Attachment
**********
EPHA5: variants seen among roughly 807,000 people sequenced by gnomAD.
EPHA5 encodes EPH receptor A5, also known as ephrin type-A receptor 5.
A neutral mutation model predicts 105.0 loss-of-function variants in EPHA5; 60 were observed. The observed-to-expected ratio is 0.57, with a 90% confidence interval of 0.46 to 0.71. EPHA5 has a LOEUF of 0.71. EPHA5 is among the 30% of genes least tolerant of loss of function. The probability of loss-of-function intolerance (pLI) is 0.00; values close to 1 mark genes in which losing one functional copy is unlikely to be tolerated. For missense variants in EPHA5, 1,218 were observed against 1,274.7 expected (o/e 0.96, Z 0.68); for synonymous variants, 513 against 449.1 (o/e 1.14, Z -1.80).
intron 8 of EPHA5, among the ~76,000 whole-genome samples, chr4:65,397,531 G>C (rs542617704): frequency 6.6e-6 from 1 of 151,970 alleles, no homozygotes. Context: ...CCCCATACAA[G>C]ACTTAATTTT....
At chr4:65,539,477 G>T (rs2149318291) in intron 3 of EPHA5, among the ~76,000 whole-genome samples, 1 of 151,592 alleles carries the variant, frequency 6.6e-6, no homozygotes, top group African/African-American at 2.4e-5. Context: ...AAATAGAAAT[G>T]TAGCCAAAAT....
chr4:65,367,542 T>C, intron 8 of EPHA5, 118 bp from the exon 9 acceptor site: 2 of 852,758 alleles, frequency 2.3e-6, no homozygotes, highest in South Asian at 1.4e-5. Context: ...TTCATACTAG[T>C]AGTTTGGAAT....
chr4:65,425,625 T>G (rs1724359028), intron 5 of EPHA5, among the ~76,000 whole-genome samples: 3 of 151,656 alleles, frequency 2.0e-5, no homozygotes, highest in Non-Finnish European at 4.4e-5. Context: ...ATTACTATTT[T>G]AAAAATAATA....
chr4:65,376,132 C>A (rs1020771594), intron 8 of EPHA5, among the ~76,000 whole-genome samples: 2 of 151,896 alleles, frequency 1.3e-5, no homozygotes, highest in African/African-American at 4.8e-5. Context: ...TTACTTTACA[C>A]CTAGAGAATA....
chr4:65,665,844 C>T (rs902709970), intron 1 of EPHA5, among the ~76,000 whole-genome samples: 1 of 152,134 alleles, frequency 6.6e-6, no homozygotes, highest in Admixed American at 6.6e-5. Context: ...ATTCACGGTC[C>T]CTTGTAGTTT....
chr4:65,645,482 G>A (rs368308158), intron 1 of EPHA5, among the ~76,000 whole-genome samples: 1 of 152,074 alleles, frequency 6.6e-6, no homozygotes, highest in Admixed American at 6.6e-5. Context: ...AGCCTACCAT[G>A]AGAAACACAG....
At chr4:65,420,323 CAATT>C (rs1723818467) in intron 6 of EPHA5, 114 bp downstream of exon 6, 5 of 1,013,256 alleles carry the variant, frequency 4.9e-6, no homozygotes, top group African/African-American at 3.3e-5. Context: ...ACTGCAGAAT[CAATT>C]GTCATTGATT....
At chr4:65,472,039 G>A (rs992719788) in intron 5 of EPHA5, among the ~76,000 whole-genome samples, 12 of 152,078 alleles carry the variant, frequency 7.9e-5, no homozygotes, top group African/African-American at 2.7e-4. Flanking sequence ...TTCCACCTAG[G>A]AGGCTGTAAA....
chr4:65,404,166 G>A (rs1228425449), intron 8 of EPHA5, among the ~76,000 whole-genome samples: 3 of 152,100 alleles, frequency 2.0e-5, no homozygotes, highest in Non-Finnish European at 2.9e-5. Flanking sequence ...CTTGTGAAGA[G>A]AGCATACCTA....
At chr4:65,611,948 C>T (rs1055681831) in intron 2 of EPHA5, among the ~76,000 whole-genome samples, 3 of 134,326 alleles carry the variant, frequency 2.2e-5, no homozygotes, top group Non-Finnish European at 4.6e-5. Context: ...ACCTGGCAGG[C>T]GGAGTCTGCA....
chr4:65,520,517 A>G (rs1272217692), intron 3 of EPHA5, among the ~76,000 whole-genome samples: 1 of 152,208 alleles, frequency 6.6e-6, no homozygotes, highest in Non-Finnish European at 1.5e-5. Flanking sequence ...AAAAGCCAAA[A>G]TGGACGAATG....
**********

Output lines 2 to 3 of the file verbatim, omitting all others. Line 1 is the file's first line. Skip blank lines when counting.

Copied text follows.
EPHA5 encodes EPH receptor A5, also known as ephrin type-A receptor 5.
A neutral mutation model predicts 105.0 loss-of-function variants in EPHA5; 60 were observed. The observed-to-expected ratio is 0.57, with a 90% confidence interval of 0.46 to 0.71. EPHA5 has a LOEUF of 0.71. EPHA5 is among the 30% of genes least tolerant of loss of function. The probability of loss-of-function intolerance (pLI) is 0.00; values close to 1 mark genes in which losing one functional copy is unlikely to be tolerated. For missense variants in EPHA5, 1,218 were observed against 1,274.7 expected (o/e 0.96, Z 0.68); for synonymous variants, 513 against 449.1 (o/e 1.14, Z -1.80).